Will President Bush be blamed by Americans irked by rising gas prices? A Los Angeles Times/Bloomberg poll suggests that the answer is yes.
More than six in 10 respondents -- and three in 10 Republican respondents -- said the president is at least partly responsible for the high cost of gasoline. But most Americans won't be angry at Bush over their canceled summer vacations: Two-thirds of respondents to a Gallup/USA Today survey said that gas prices won't keep them from traveling. (Los Angeles Times/Bloomberg, 6/28/06, 1,321 adults, margin of error +/-3%; Gallup/USA Today, 6/28/06, 1,000 adults, +/-3%)
A Different Stripe
Context is everything. When Gallup/USA Today pollsters asked respondents in a half-sample if they favored or opposed "a constitutional amendment that would allow Congress and state governments to make it illegal to burn the American flag," 56 percent favored an amendment, and 41 percent opposed it.
The other half-sample was asked a similar question, but it also described burning the flag as "a form of political dissent." Results were reversed: 45 percent said they thought the Constitution should be amended, and 54 percent said it should not. (6/27/06, 1,000 adults, +/-3%)
All Politics Is ... National
The late House Speaker Tip O'Neill's famous aphorism doesn't quite hold true in the latest Diageo/Hotline poll.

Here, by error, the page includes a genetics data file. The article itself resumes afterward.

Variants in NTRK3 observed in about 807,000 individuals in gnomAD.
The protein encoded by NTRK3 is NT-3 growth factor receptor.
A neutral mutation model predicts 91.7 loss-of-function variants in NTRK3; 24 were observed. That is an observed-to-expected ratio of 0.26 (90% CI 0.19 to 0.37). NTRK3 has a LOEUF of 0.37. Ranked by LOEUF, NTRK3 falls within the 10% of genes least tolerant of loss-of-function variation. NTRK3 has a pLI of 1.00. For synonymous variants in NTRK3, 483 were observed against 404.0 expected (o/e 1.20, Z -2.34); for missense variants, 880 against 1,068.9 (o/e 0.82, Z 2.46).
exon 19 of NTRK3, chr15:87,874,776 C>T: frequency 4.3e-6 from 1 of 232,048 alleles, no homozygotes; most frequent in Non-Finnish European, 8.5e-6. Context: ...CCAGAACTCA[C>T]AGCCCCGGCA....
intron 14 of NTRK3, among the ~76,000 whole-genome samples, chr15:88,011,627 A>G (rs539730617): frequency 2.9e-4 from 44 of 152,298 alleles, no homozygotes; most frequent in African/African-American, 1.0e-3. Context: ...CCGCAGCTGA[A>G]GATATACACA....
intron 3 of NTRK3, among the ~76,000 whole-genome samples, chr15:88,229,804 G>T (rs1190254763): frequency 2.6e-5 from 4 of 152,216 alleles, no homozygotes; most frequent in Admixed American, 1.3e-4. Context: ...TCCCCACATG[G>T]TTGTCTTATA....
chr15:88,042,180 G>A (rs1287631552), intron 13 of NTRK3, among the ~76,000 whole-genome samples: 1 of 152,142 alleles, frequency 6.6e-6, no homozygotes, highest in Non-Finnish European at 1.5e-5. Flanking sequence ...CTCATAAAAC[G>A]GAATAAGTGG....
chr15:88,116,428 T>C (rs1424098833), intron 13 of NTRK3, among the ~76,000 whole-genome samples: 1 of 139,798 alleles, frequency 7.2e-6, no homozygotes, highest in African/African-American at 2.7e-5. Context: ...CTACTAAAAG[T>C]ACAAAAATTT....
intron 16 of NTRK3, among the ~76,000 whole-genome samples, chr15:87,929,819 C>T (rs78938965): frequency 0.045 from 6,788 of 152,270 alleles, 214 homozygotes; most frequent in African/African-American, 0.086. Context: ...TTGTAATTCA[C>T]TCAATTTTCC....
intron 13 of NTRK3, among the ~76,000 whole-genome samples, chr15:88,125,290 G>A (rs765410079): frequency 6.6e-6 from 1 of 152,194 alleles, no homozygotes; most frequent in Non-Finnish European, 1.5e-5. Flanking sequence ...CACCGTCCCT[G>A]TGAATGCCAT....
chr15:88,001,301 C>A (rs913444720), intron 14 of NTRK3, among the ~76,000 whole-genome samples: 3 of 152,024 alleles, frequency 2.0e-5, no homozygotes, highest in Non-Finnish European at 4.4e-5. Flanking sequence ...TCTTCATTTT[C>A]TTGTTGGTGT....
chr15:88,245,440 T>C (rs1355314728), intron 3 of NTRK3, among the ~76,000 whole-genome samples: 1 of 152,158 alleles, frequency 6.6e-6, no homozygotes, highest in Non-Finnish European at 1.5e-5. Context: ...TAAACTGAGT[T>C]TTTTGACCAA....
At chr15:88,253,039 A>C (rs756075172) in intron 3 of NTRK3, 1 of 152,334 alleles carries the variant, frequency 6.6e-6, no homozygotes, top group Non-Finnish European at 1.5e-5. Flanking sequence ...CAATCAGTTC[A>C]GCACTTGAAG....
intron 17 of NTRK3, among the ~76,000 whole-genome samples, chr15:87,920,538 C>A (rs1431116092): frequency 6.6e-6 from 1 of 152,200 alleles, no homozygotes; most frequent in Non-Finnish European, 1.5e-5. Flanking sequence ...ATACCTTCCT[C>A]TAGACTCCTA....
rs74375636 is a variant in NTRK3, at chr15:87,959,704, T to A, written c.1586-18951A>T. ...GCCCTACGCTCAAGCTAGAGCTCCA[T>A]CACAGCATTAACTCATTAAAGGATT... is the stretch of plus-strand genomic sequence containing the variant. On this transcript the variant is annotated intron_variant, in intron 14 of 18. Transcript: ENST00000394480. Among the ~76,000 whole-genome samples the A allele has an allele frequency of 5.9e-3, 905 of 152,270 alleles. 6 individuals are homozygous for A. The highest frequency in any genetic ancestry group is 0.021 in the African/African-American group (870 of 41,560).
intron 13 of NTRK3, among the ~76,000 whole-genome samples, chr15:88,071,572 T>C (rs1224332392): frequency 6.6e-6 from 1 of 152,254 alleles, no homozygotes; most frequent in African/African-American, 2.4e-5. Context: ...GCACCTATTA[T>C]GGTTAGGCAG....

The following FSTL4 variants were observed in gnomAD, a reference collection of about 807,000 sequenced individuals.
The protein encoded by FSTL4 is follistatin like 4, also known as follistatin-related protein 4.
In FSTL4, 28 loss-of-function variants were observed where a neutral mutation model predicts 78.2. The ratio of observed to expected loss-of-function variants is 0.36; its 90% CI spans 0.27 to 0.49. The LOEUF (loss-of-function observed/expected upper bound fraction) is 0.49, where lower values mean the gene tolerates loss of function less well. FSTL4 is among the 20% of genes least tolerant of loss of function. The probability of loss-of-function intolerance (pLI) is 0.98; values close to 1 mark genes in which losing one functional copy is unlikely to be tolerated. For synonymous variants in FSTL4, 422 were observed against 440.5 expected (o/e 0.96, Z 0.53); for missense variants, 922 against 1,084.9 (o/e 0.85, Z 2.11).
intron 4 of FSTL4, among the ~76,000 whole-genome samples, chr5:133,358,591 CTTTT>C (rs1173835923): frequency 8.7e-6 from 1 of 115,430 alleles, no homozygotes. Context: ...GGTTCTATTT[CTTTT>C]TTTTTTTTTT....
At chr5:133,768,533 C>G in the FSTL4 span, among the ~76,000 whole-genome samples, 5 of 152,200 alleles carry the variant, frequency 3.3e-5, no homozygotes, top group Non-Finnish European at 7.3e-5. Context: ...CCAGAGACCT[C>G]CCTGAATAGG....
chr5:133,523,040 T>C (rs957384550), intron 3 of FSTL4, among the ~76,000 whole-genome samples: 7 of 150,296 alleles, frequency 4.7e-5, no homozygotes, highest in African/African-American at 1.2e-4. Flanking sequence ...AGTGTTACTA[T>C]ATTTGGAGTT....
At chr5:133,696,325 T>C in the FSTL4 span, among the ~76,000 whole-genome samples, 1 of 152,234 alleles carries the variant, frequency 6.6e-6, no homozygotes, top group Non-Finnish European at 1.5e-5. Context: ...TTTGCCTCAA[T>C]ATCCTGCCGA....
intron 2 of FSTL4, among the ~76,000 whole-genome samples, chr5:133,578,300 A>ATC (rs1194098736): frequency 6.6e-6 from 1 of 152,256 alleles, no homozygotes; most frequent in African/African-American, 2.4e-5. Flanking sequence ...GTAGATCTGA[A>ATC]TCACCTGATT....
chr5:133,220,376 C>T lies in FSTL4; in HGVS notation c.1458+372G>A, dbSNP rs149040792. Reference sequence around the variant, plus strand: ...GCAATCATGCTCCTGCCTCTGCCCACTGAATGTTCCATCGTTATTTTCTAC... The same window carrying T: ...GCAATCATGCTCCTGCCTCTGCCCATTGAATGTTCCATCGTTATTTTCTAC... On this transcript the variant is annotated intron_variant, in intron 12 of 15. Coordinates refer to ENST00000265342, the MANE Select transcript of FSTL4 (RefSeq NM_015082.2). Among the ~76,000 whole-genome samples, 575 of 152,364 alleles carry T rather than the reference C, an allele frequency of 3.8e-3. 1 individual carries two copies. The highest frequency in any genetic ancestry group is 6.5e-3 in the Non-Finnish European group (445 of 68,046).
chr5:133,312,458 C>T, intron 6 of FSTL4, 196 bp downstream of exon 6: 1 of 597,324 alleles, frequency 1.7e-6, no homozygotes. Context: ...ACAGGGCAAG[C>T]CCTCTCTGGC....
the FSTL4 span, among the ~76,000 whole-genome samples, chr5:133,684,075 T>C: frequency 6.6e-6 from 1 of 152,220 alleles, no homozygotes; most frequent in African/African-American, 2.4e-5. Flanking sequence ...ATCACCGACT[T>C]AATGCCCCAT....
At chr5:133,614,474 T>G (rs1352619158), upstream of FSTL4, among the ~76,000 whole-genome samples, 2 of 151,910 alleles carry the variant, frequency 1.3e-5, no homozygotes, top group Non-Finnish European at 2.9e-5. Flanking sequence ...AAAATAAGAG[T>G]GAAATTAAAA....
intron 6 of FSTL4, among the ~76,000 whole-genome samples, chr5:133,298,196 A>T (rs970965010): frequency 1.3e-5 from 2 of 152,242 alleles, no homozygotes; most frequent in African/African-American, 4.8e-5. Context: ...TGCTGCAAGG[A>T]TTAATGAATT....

When respondents were asked which of six factors were most likely to affect their votes, "candidates' positions on national issues" came in first, with a 36 percent plurality. Positions on local issues garnered less than half of that -- 15 percent. Sixteen percent chose the candidates'positions on the war in Iraq, and 11 percent picked the incumbent's performance. Party affiliation and a candidate's support of President Bush were in the single digits. (6/29/06, 800 registered voters, margin of error +/-3%)
Message: We Care
Please tell me if you agree or disagree with the following statement: "When I cast my vote for U.S. Congress in November, I am not only voting to elect the candidate I believe is most qualified, but I am sending a message to the country's current leadership." (Diageo/Hotline)
Strongly agree 54%
Somewhat agree 30%
Somewhat disagree 6%
Strongly disagree 7%
Neither agree nor disagree 2%
Don't know/refused 1%
Blast From the Past
Two big-name pollsters recently dug through their archives to come up with midterm election comparisons between this year and 1994, when Republicans swept to power in both chambers of Congress.
In a Pew Research Center poll, 46 percent of Democratic respondents say they're more enthusiastic about voting this year than they have been in past elections. Thirty percent of Republicans agreed. But in a 1994 CNN/Gallup/USA Today poll, those numbers were reversed: 45 percent of Republicans said they were more excited about voting; 30 percent of Democrats were.
A Gallup/USA Today survey shows stronger feelings across the board: 50 percent of all respondents say they're more enthusiastic about voting than usual. (Pew Research Center, 6/27/06, 1,501 adults, +/-3%; Gallup/USA Today, 6/27/06, 1,000 adults, +/-3%)
71% of Americans say they are "extremely" or "very" motivated to get out and vote this year.
All Politics Is ... Loco?
Who do you think is crazier: the leader of North Korea or the leader of Iran?
All D R I
North Korea 31% 34% 26% 37%
Iran 26% 25% 32% 21%
(vol.) 27% 23% 31% 27%
(vol.) 5% 8% 2% 3%
Don't know 11% 11% 9% 11%
(Fox News/Opinion Dynamics)
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